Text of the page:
Chapter 1: BERLIN (25pp)

Chapter 2: NOT PARIS (30pp)

Chapter 3: NOW PARIS – LETTRISM (25pp)

Chapter 4: NOW PARIS – THE S.I. (20pp)

Chapter 5: NOT THE S.I. (25pp)

Chapter 6: USA TODAY (25pp)

Conclusion: No Going Back (15pp)

Chapter summaries:

Intro: Aucun Retour possible

polemical presentation of the argument – overview of contents – characterization of the artistic avant-garde before 1914 – framing the notion of an event as cultural action acting on the sphere of everyday life – the event logic of Zurich DADA – actions in and around the Cabaret Voltaire

Chapter 1: BERLIN

The logic of return to Berlin – founding actions of Berlin DADA – the social/political stage in Berlin 1918 – Berlin DADA’s circle of affinities – peak actions of Berlin DADA: disruption of celebrations for the Weimar Republic, street cortège disseminating Jedermann sein eigner Fußball

Chapter 2: NOT PARIS

Contrasted situation in paris in 1919 – founding actions in paris and the  DADA season 1920 – the Barrès trial and the Surrealist coup – the “positive turn” of Surrealist actions – the arc and fall of Surrealist revolutionary engagements – the collapse of revolutionary prospects in Europe and the dwindling of avant-garde activities in the 1930’s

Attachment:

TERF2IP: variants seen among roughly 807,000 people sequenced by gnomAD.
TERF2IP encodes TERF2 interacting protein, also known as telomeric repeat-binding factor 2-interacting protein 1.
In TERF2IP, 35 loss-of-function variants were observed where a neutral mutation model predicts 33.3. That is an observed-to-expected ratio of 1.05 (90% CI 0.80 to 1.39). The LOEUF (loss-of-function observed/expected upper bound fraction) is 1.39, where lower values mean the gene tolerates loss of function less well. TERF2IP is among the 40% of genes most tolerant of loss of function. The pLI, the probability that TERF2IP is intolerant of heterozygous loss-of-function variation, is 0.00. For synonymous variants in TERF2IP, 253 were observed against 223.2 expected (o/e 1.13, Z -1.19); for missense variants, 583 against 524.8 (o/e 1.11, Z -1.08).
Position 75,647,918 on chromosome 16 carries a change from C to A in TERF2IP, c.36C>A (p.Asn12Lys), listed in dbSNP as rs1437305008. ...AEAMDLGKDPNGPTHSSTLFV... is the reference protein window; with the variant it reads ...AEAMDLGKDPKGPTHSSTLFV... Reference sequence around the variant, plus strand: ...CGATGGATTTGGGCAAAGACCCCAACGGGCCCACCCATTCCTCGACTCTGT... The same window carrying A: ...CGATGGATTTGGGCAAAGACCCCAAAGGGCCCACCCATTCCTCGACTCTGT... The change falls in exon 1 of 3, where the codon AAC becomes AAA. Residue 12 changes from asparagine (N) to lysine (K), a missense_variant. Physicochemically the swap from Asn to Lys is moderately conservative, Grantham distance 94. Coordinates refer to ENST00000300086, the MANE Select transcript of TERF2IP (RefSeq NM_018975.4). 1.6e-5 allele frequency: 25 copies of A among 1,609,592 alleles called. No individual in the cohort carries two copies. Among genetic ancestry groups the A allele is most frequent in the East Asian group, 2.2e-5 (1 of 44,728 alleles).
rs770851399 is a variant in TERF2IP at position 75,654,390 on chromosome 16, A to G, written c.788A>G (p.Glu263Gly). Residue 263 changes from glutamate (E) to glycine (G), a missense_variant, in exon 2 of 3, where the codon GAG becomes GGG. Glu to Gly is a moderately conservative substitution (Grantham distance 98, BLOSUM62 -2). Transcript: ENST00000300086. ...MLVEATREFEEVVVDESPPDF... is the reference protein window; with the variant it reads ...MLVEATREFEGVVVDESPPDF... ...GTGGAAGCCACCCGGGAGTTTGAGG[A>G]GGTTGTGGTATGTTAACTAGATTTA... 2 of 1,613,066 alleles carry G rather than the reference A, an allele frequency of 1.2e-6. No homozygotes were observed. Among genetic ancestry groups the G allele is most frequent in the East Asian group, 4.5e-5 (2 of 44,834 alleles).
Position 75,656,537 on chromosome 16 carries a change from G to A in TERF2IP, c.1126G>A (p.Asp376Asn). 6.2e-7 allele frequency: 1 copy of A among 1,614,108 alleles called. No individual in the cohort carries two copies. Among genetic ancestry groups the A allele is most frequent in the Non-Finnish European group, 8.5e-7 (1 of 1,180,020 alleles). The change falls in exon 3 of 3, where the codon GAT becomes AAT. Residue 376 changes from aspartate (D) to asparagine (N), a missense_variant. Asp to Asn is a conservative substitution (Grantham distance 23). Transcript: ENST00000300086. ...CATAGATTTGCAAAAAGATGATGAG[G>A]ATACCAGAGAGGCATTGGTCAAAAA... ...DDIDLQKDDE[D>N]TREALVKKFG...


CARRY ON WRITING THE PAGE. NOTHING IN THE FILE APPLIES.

Creative resistance actions during the war — the art scene in 1944 – the arrival of Isidore Isou and the founding action of Lettrism in 1945 – Lettrist actions 1945-1950 – the Notre-Dame affair – the Charlie Chaplin action and the Ultra-Lettrist coup – the renewed event logic of the Lettrist International

Chapter 4: NOW PARIS – THE S.I.

The eventful summer of 1952-53 – early situationist practices as an applied aesthetics of events – the re-re-rejection of art – the S.I. event logic of organization – event analysis in the pages of the Internationale Situationniste – the search for alliances – applied event theory Nanterre 1966 to paris 1968

Chapter 5: NOT THE S.I.